Joe Bonamassa

J&R Adventures, 2018

REVIEW BY: Benjamin Ray


Topping 2016’s Blues of Desperation was going to be a monumental task, and while Joe Bonamassa’s 13th studio album doesn’t quite reach those heights, it is still a very good slab of hard blues-rock.

Redemption is the blues singer’s third album in a row of all-original material, though at this point it’s hard to tell what is original and what could be a cover, such is Bonamassa’s signature sound and thorough command of his influences. Strange as it sounds, he had yet to release a true concept album, but Redemption changes that with a song cycle about a failed relationship. It is, in essence, his breakup album, a subject without which the blues would not exist.

Because of that, there isn’t much that Joe can add at this point that millions of heartbroken, angry guys haven’t already said, so although my_heart_sings_the_harmony_web_ad_alt_250 Redemption has plenty of emotional heft it doesn’t really push forward. A song like “Just Cos You Can Don’t Mean You Should” sounds great, augmented by horns and an excellent guitar solo, but it sounds like a song B.B. King (or one of the Kings) wrote and sang decades ago. Maybe Bonamassa needed to immerse himself in his favorite albums to make this one; certainly, in interviews for this one, he has hinted at its difficult recording process given the turmoil in his personal life.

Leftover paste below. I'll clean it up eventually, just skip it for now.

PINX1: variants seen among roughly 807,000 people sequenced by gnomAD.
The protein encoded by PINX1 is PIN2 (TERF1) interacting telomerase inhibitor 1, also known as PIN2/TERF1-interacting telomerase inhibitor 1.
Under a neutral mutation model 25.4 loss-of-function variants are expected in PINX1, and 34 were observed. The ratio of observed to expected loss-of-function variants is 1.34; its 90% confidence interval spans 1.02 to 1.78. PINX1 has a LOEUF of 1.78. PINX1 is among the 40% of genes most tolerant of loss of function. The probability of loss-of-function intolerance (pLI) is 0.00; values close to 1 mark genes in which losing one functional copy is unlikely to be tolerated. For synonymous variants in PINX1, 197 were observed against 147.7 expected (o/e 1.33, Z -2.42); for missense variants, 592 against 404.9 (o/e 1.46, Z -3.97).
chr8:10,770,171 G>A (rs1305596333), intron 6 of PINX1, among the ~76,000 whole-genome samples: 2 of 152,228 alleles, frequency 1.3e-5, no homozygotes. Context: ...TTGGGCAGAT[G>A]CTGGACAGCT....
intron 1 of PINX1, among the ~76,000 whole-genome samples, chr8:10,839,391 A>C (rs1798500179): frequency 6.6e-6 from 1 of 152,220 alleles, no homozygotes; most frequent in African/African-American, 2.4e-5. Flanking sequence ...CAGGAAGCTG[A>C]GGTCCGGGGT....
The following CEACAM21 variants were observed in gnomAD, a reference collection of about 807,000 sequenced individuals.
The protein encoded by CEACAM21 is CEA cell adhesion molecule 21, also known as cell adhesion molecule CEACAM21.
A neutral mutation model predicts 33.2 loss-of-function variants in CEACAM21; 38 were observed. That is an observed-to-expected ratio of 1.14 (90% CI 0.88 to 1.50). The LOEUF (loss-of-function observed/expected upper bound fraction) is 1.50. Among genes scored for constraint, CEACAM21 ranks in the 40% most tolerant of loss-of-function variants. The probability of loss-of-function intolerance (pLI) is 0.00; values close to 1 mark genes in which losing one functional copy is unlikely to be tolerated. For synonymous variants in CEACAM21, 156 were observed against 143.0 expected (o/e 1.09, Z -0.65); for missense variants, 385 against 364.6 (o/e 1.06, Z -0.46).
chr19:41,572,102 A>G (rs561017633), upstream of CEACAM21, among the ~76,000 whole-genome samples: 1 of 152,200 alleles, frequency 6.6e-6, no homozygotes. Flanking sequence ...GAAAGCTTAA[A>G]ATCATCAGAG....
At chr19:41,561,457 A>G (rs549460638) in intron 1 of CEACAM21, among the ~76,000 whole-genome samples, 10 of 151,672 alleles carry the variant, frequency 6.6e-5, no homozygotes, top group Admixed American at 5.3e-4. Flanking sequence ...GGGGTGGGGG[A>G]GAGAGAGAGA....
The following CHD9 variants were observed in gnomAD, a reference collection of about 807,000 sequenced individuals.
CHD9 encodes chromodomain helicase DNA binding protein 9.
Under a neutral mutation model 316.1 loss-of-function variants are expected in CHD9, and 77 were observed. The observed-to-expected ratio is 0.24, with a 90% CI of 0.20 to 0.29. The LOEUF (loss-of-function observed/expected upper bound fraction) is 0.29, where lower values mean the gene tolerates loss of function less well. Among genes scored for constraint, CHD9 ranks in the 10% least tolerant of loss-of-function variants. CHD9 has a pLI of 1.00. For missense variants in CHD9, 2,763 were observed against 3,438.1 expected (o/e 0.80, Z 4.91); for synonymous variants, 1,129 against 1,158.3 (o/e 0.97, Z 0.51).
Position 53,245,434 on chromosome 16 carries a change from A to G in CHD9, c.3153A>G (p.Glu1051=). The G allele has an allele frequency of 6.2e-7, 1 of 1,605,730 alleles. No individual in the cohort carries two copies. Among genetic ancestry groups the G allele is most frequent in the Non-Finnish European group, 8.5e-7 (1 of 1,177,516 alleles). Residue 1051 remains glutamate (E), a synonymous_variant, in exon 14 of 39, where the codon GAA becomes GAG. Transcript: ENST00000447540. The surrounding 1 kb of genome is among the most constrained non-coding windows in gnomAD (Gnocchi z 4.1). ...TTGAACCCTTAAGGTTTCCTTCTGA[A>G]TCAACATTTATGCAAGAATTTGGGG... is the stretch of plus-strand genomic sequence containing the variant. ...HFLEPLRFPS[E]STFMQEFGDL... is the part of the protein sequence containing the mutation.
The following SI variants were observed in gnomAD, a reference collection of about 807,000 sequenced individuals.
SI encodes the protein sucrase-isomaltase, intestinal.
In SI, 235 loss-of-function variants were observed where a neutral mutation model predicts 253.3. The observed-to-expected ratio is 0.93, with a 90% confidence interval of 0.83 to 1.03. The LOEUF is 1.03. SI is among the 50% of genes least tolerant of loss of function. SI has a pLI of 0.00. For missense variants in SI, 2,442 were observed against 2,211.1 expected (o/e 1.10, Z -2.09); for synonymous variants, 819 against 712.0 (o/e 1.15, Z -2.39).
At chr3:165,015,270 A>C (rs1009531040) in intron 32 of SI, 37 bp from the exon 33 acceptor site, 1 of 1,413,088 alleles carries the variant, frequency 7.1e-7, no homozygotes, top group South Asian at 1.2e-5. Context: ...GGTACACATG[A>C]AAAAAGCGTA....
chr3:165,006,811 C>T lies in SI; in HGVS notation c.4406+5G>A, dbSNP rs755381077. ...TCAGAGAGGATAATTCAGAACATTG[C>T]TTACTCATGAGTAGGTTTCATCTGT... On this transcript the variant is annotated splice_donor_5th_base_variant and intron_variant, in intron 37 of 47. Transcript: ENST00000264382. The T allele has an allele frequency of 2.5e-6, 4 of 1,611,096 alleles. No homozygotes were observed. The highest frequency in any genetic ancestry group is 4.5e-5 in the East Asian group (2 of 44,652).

The highlight is “Molly O,” inspired by the story of the Titanic and separate from the overarching theme that defines the bulk of the album. As the waves wash over the speakers, a pounding drum beat and snarling guitar define the verses; for the chorus, the entire band sings the title together and holds the “o” for a few beats. As he did with the story of John Henry, Bonamassa exhibits a folky knack for telling musically defining biographies that also rock. That it may remind one of Zeppelin is just icing.

On the flip side, the most heartbreaking moment is Bonamassa’s solo acoustic piece “Stronger Now In Broken Places,” probably the most nakedly vulnerable this bluesman has ever been. The moment where he near-whispers “It took all the strength I had to forgive you,” followed by a wordless repeat of the main theme augmented only by some windy keyboards, is agonizing, almost as if he was so consumed by the heartbreak he couldn’t think of anything to say next.

Opener “Evil Mama” flat-out steals the opening drum riff from Zeppelin’s “Rock And Roll” before slowing to a midtempo rocker, and for Zep fans this just sounds wrong, which is not helped by the song itself being a pretty by-the-number Bonamassa tune. “King Bee Shakedown” is better, with what sounds like a Brian Setzer Stray-Cat-Strut influence and the omnipresent horns creating a rowdy rocker that should have been the opener.

The thing with these sorts of personal statements is that they’re albums the artists need to make, so inevitably the passion and emotion will shine through on even the lesser tracks. While there may be more of those “standard” Bonamassa tracks than on his best albums, fans will still find plenty to love… and anyone who’s ever been through a tough breakup will find plenty to relate to.

Rating: B

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